Sunday, May 29, 2011

The Little Red Machine


After blogging about Eldest's baseball experience (as well as mine as an assistant coach), I decided to write about my five years playing organized baseball as a kid. Long ago (the mid-1990s), I wrote about two of these seasons, so I will dig those up and transcribe/edit/add/revise when I post on those two seasons. This post will be about my first season, in 1978 on the Reds.

We had moved into our new house in 1977, and my new friends, especially Marc, loved baseball and collected baseball cards. Even before we had moved that spring, I was started to become interested in baseball, so my interest exploded that summer. I had played basketball for two seasons at Norwood Park, so my father signed me up for t-ball in the spring of 1978 and bought me a glove (mass-autographed by Mickey Rivers!). I was placed on the Reds.

The team was coached by a couple teenagers, including the older brother of one of my teammates. I don't remember many of my other teammates, except we had a big third-grader named Kyle who was our power hitter and we also had a couple girls on the team. Did we win more games than we lost? I don't really remember, nor do I remember if I was a good hitter off the tee or not. I don't think I stunk, but I'm sure I didn't hit it that far considering how small I was when I was 7.

I do remember a play in my first game. I was playing right field, a kid hit a grounder through the infield, it came to me, I picked it up and threw it to Kyle and got the kid out. I didn't know that outfielders don't normally throw out runners at first, but I guess I was just paying attention enough to throw it to first instead of second. A decade later, I saw Andre Dawson do this for the Cubs -- surely he got the idea from a heads-up t-ball player years earlier!

I liked to play catcher that season, which was mildly useless in t-ball. I think I just liked putting all the equipment (kind of similar to Eldehttp://www.blogger.com/img/blank.gifst right now, but at least he has to try to catch the ball). I remember two notable misplays from my time behind the plate. Once, the batter (who I recognized from basketball at Norwood Park) hit the ball, started to run right as I stood up to get into the infield, and I accidentally tripped him. Oops, catcher's interference, and a pretty severe interference at that. The other play was one a ball got hit right in front of the plate. I picked the ball up, but instead of tagging the batter with the ball or the ball in my glove, I just tagged him with my hand. I didn't realize that didn't work to get someone out. I figured, if I'm holding a ball and step on a base before the runner gets there, he's out, so why can't I simply touch the runner since I'm connected to the ball?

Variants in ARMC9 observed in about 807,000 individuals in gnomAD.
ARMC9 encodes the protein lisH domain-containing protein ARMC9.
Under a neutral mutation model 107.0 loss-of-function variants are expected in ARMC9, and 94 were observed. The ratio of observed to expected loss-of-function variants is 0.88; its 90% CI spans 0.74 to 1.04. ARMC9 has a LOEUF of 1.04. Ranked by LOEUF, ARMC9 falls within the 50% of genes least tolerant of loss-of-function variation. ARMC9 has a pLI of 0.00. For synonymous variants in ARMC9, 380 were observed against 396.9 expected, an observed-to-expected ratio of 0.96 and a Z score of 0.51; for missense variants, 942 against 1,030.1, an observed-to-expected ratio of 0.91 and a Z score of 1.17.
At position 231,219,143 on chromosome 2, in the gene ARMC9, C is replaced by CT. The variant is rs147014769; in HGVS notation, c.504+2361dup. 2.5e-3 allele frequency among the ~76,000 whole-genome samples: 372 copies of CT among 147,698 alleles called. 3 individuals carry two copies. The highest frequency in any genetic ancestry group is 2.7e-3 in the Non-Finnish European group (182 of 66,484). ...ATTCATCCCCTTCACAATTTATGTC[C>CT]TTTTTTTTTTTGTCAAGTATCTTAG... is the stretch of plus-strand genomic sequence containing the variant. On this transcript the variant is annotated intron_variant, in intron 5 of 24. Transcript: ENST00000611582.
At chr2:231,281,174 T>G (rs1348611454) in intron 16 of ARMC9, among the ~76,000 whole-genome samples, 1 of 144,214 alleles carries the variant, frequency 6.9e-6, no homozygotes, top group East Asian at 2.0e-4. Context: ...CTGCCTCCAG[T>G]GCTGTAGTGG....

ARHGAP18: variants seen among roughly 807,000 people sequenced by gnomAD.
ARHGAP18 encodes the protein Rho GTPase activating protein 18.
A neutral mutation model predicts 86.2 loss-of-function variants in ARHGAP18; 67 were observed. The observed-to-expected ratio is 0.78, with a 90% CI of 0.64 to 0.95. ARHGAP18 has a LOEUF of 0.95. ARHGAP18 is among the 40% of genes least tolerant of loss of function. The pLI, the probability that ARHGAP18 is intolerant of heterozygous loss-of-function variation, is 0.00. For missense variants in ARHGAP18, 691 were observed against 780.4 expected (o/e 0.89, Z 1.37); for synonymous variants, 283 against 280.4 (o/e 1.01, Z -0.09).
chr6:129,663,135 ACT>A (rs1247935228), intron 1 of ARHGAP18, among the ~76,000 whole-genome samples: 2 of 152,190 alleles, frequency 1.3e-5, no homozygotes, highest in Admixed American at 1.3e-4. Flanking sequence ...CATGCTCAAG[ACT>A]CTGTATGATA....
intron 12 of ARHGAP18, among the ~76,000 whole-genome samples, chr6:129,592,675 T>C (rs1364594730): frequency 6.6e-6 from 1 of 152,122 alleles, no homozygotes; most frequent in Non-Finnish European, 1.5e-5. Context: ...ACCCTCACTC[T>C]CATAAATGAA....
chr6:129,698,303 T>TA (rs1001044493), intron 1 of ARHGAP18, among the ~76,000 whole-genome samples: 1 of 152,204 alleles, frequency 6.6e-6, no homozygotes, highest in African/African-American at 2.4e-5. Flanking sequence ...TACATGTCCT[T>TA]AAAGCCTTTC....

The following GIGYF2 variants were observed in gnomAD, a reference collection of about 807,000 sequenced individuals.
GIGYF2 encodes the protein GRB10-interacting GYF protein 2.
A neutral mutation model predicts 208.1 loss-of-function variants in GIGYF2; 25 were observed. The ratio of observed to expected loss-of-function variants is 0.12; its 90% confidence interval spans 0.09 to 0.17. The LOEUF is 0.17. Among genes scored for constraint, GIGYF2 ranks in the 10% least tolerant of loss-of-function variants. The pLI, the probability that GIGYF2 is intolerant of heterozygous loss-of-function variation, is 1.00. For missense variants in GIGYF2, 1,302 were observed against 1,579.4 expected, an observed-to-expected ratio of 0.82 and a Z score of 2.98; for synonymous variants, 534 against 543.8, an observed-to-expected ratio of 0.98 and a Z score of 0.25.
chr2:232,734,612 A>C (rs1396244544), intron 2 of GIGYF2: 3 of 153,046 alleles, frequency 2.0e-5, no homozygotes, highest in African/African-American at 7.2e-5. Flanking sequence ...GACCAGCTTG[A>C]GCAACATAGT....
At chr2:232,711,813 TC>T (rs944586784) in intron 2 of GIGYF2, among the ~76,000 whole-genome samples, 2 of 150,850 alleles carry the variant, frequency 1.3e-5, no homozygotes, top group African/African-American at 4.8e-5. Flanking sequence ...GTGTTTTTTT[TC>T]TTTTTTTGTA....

Our last game of the season was to be played at Thillens Stadium (we actually got two; I'll explain more later). Thillens was the highlight of the season -- an actual baseball stadium with, as our coaches put it, a beautiful sandy field (in reality, it was just groomed like a professional diamond, but I had the image of a beach before I got to play there) -- quite a difference from the t-ball fields at Norwood Park, including one behind the field house on which the league put a fence up in right, not for possible homers, but to protect kids from running into a group of trees (I looked up the park on Google Maps -- the trees are still in right field!). Most of the individual park baseball leagues had a Thillens day -- usually the last day of the season, culminating with the championship game (I doubt we even had playoffs in t-ball, but for older kids, playing for the title at Thillens was amazing -- more on thttp://www.blogger.com/img/blank.gifhat in another post).

Thillens was as good and fun as advertised. We played games on both diamonds there, and in our last game I was so into the game, waiting on deck a patted a teammate on the backside to wish him luck. I saw Major League players do it all the time, so why couldn't a kid who loved baseball do so as well? I felt a little embarrassed after I saw my coaches laughing, and I haven't done it since.

We played two Thillens games that year because of a tragedy that happened in an older baseball division at Norwood Park. A 10-year-old boy was sliding at home, took a relay throw from the pitcher right in the chest, and basically, his heart exploded. He collapsed and never woke up. (After Googling the kid's name, I found a description of what happened that night written by his older sister; I hope she won't mind me linking to it.) The league was in shock; the whole city was in shock. I don't know how much my parents and coaches told me about what happened, but the tragedy was in on the news and in the Tribune. For years in the Norwood Park trophy case, a tribute to Bobby Roggatz was displayed (I wonder if it's still there). The Thillens family was so moved by the tragedy that it gave Norwood Park an extra day in the stadium.

I thoroughly enjoyed my first year of organized baseball, and the tragedy a boy dying at home plate didn't dampen it. I'm not sure if, at age 7, I didn't quite understand the implications of a kid dying on a routine play, or maybe if I did get shielded by it enough by my parents. The freak accident didn't make me want to play baseball any less -- I didn't come away afraid (playing baseball would scare eventually scare me, however). But 33 years later, that tragedy is what I remember first from that season.

The incorrect tag is second.

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